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Riya Sood 4C wrote:Do C, N, O, and F always follow the octet guideline even if their formal charge is not 0?
Because they're located in period 2, where n=2, those atoms do not have access to an empty d-block where they can form bonds transcending the octet rule; therefore, they will pretty much always follow the octet rule in covalent bonding. Formal charge and octet rule aren't dependent on each other; the way you form an octet for C, N, O, or F will determine whether the formal charge is zero or not.
Yes, they have to follow the octet rule because they cannot have an expanded octet since they are in the second period and do not have the shell n=3. Therefore, they do not possess a d orbital which can hold up to 10 electrons and therefore allow the atom to expand its octet. Atoms in the first and second period only have up to 2p which can hold up to 6 electrons and thus they can only have a max of 8 electrons in their valence shell which is n=2 since the second shell only has the orbitals s and p.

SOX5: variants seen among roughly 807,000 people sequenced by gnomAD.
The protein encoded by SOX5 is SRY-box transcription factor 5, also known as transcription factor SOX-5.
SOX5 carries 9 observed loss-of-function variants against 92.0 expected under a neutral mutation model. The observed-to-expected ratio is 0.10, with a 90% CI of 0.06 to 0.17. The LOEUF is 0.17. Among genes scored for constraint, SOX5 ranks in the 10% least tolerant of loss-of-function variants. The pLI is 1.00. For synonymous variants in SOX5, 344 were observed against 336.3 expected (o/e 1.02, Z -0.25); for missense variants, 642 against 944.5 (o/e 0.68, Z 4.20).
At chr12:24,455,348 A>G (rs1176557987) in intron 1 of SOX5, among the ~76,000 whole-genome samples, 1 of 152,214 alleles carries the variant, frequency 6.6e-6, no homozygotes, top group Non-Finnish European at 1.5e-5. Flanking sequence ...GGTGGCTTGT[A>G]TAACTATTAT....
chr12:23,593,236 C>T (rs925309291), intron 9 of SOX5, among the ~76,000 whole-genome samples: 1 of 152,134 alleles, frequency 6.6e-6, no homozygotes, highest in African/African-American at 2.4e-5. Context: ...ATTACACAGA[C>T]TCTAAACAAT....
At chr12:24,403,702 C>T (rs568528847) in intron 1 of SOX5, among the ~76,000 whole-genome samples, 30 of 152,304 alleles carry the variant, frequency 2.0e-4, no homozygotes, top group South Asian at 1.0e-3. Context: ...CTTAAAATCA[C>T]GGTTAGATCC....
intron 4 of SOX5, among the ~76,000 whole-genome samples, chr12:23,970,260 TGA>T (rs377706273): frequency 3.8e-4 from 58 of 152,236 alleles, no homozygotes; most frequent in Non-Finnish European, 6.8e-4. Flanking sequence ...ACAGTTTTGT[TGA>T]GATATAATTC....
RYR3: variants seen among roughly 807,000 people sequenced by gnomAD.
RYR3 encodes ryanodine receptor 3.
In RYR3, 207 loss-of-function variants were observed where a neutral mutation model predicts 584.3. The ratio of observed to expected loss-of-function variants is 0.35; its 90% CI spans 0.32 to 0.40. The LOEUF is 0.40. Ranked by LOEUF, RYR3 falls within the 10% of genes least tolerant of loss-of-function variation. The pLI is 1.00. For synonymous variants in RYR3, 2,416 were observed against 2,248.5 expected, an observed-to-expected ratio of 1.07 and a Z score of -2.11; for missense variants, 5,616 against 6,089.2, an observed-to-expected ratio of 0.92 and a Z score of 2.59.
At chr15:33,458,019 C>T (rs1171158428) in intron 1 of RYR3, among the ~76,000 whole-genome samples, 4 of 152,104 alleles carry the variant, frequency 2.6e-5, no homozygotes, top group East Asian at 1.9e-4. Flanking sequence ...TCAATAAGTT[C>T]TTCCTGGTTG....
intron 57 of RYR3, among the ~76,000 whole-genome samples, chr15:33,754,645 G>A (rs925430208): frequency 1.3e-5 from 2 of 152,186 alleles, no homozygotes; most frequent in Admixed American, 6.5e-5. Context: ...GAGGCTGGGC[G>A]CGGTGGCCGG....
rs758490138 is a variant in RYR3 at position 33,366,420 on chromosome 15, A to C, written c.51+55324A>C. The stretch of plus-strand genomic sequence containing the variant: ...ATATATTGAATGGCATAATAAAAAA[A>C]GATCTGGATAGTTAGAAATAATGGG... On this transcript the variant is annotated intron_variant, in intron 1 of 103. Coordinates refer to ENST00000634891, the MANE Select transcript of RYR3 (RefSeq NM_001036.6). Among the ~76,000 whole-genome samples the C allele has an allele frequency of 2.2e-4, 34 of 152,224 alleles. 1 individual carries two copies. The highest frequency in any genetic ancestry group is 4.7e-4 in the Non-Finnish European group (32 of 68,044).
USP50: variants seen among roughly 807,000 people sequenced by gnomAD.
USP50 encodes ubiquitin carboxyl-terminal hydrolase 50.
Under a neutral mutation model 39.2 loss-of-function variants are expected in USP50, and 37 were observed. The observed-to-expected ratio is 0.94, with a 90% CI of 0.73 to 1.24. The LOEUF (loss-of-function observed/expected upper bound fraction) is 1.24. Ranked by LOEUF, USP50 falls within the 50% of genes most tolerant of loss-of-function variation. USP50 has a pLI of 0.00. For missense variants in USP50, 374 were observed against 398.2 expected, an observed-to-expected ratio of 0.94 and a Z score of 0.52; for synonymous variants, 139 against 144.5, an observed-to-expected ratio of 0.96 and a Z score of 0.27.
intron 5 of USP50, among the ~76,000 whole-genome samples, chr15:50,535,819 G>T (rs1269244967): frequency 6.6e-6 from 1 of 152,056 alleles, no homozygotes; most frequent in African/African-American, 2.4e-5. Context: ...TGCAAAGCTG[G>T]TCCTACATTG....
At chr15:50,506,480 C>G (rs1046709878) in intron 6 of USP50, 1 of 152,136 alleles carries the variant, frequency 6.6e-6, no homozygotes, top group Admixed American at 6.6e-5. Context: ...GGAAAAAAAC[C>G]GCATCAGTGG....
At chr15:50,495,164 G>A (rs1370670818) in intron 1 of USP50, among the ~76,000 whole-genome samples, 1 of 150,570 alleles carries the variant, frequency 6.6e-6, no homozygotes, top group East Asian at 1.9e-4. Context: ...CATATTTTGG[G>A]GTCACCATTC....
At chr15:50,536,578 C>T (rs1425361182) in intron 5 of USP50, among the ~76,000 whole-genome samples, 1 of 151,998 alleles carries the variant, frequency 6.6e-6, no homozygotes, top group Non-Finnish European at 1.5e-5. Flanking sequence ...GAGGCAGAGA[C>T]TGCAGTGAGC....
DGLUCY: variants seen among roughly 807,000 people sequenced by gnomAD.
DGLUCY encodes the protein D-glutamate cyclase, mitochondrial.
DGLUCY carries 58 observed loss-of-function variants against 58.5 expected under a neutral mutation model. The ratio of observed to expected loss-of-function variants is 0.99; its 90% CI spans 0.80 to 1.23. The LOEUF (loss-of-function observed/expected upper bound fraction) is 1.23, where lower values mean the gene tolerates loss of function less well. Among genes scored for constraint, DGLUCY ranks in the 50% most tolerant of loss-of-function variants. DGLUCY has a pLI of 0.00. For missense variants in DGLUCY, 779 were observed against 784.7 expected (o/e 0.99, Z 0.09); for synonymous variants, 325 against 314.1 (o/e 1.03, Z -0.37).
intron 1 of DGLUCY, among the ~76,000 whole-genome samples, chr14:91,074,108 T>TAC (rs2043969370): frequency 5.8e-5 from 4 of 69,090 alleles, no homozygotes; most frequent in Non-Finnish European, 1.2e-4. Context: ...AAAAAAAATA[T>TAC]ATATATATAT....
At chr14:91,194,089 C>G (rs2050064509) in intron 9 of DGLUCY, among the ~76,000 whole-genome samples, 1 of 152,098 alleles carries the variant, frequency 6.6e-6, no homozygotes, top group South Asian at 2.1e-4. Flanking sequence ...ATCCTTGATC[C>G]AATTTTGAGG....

Yes, I believe they have to follow the octet rule as they can only have valence electrons as many as eight. Formal charges definitely don't have to be 0, even though the formal charges that are close to 0 makes the molecule more stable.
C, N, O, and F must follow the octet rule at all times. Atoms can begin having expanded octets at period 3 or greater. Typical atoms with expanded octets include sulfur, phosphorus, and silicon (all of which are in period 3).
As Carbon, Nitrogen, Oxygen, and Fluorine are all located in period 2 of the periodic table, their valence electrons are found in n=2. Thus, they do not have the extra 3d subshell that would allow them to have an expanded octet an must follow the octet guideline. Furthermore, although we try to minimize it in Lewis Structures, you do not always have to have a formal charge of 0.
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